Minor and obscure points-of-interest are not listed when searching or browsing. However, you can get the same page of information that is displayed for major points-of-interest by clicking on them.


Trail Names

On the map, clicking on a trail displays the name of the trail. Clicking on the left side of the trail name brings up information about that trail. Clicking on the trail again hides the name of the trail. Clicking on the name displays a page of information about the trail.


Minor and obscure trails are not listed when searching or browsing. However, you can get the same page of information that is displayed for major trails by clicking on them.


Bookmarking a Page

To bookmark a page using Internet Explorer, do not use the Favorites->Add to Favorites... option in the main menu. Instead, right click in the navigation window select Add to Favorites... from the pop-up menu.

To bookmark a page using Firefox, do not use the Bookmarks->Bookmark This Page... option in the main menu. Instead, right click in the navigation window and select This Frame->Bookmark This Frame... from the pop-up menu.


Search Tips

Clicking the Search button will initiate a search of all data in the site. Clicking the Nearby... button will initiate a Google search for ammenedies in the nearby area. See Nearby Search Tips for more info on the Nearby... search.

When using the Search button, search keywords fewer than 2 letters long are ignored. Make sure that your search includes at least 1 keyword that is 2 letters or longer.

Search keywords are "or'ed" together; a query of Bear Creek Trail will return everything containing any of Bear, Creek or Trail.

If you put quotes around a set of keywords they will be treated as a single keyword. For example, a query of "Bear Creek Trail" will return everything containing literally Bear Creek Trail, not everything containing any of Bear, Creek or Trail. These can be or'ed together as well. For example, "Bear Creek Trail" "Bull Mountain" will return everything containing Bear Creek Trail or Bull Mountain.

Search keywords are case-insensitive; Bear, bear and BEAR are all equivalent.

You can also enter a pair of geographical coordinates (in DD.DDDD format) and click Search to directly center the map on that location.


Nearby Search Tips

The Nearby ... search instructs Google to look for matching places in and around the area shown in the map. The map will pan and zoom as necessary to show the results.

Since this search uses Google's search engine, the rules for search terms follow Google's rules. Typical "nearby searches" might include terms like: Mexican Food, Cheap Hotels, Camping, Lodging, Airports, Bike Shops, and so on.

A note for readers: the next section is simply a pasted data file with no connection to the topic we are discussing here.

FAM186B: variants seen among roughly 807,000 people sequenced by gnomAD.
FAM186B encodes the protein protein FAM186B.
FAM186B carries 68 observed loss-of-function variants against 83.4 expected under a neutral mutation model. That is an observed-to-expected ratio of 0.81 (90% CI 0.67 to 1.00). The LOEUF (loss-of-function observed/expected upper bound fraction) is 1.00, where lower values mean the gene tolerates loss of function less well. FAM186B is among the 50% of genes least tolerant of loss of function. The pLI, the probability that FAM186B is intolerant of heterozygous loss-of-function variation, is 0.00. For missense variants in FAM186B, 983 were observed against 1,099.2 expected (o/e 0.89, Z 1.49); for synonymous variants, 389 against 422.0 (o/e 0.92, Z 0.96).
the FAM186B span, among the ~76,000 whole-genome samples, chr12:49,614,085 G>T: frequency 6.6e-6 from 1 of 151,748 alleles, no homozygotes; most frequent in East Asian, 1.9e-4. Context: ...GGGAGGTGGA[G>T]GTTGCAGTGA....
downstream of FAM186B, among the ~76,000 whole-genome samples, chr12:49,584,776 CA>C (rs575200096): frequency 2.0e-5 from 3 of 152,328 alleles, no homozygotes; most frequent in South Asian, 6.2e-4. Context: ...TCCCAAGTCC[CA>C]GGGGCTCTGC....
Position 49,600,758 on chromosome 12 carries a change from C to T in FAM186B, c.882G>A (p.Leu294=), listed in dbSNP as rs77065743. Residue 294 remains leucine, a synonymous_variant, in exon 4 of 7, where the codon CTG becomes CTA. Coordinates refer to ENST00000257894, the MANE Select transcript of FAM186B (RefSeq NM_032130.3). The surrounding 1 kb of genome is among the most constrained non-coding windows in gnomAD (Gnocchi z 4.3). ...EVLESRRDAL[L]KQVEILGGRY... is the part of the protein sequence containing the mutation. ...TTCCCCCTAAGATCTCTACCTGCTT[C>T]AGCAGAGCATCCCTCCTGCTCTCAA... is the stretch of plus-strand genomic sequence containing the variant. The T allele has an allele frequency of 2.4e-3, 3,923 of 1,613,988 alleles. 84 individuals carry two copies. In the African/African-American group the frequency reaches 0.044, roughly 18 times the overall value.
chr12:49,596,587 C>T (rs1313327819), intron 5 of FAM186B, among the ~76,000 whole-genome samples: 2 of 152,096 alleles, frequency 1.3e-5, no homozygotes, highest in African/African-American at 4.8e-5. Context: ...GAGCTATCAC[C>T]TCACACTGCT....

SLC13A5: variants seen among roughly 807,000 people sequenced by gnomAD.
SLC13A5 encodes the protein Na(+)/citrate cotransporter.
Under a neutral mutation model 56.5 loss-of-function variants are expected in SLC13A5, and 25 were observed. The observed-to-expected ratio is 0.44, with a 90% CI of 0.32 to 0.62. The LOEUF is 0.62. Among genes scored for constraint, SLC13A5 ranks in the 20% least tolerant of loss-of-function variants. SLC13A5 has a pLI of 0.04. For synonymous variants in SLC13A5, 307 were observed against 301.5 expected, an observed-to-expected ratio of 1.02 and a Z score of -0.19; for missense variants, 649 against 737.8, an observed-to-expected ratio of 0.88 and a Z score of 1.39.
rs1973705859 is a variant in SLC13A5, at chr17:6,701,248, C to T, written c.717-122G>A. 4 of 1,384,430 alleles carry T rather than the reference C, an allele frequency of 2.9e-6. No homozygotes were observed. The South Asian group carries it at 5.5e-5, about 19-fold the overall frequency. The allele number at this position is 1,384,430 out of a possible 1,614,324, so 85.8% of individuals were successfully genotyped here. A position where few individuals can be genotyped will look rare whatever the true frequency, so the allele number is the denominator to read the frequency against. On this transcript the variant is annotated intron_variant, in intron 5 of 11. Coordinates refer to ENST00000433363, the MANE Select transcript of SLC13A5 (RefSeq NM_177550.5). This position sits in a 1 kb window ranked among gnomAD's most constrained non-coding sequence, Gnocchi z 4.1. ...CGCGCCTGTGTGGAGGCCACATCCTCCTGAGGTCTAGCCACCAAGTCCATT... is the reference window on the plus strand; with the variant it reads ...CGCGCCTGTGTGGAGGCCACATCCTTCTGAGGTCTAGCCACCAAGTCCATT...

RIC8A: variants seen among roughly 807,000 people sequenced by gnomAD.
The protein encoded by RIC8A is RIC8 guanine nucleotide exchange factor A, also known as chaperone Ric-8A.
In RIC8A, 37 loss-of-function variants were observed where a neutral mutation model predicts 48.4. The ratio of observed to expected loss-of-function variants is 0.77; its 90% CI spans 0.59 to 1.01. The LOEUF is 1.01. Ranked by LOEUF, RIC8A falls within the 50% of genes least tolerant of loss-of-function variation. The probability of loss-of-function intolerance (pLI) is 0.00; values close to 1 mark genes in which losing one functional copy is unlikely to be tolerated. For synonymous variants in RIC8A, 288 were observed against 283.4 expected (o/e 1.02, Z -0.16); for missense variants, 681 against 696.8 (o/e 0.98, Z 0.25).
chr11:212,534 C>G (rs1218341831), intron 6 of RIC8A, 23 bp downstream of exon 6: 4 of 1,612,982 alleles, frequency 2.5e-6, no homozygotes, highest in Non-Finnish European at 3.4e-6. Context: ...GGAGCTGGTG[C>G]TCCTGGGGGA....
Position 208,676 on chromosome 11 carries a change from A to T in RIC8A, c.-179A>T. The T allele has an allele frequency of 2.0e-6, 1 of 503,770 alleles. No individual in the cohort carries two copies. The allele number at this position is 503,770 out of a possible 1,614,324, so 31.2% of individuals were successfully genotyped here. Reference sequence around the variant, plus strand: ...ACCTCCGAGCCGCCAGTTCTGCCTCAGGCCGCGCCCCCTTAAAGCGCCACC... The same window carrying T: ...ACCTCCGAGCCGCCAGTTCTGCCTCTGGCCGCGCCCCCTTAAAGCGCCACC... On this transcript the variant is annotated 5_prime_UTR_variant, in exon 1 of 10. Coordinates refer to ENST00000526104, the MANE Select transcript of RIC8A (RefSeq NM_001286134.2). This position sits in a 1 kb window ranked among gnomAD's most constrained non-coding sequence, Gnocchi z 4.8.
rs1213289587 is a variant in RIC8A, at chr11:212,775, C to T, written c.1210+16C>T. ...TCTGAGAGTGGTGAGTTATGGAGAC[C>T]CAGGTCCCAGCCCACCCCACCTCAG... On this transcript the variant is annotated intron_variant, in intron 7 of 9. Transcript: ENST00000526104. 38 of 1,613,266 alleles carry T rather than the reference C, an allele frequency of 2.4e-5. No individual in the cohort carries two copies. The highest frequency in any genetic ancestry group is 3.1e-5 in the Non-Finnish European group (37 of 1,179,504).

Static Maps and Printing

Google's Permission Guidelines for Google Maps and Google Earth discourage, and in some cases prohibit, distributing screenshots and printouts of maps derived from their services, but allow printing maps for personal use. If you want to put a link to a map of a trail or route on your website that others can then print out for personal use, you can use a static map. You can construct a URL to display a static map by passing parameters to the site's main URL as follows.

The first parameter you need to supply is the staticmap parameter. This parameter will cause most of the map controls to be hidden and prevent zooming and dragging of the map.

http://trails.firstworks.com/trails/trails.cgi/default/index.html?staticmap=yes

The next important parameter is the id of the trail or route. To specify a trail, use the trail_id parameter. To specifiy a route, use the route_id parameter.

http://trails.firstworks.com/trails/trails.cgi/default/index.html?staticmap=yes&trail_id=200

or

http://trails.firstworks.com/trails/trails.cgi/default/index.html?staticmap=yes&route_id=200

This parameter will cause the route or trail to be displayed on the map.

If you want a summary of the trail or route information including the name, mileage, and an elevation profile displayed beneath the map, you also need to include the summary parameter.

http://trails.firstworks.com/trails/trails.cgi/default/index.html?staticmap=yes&route_id=200&summary=yes

By default, the map will resize itself to fit in your browser window, but you can also specify the size of the map itself using the width and height parameters. They may be set to smaller or larger than the browser window. You may specify either or both. Whichever dimension you don't specify will revert to the default.

http://trails.firstworks.com/trails/trails.cgi/default/index.html?staticmap=yes&route_id=200&summary=yes&width=600&height=200

By default, the map components that will be displayed will be the same ones that the user has selected for dynamic maps. If you want specific components to be displayed, there are a set of parameters you can use. Here are the parameters and the values they may have.

Any combination of these may be used. For example, you can display google roads on top of a usgs topo map.

http://trails.firstworks.com/trails/trails.cgi/default/index.html?staticmap=yes&route_id=200&summary=yes&width=600&height=200&latitude=34.668326&topo=usgs&roads=googleroad
All data is presented for reference only. You assume total responsibility and risk associated with using this data.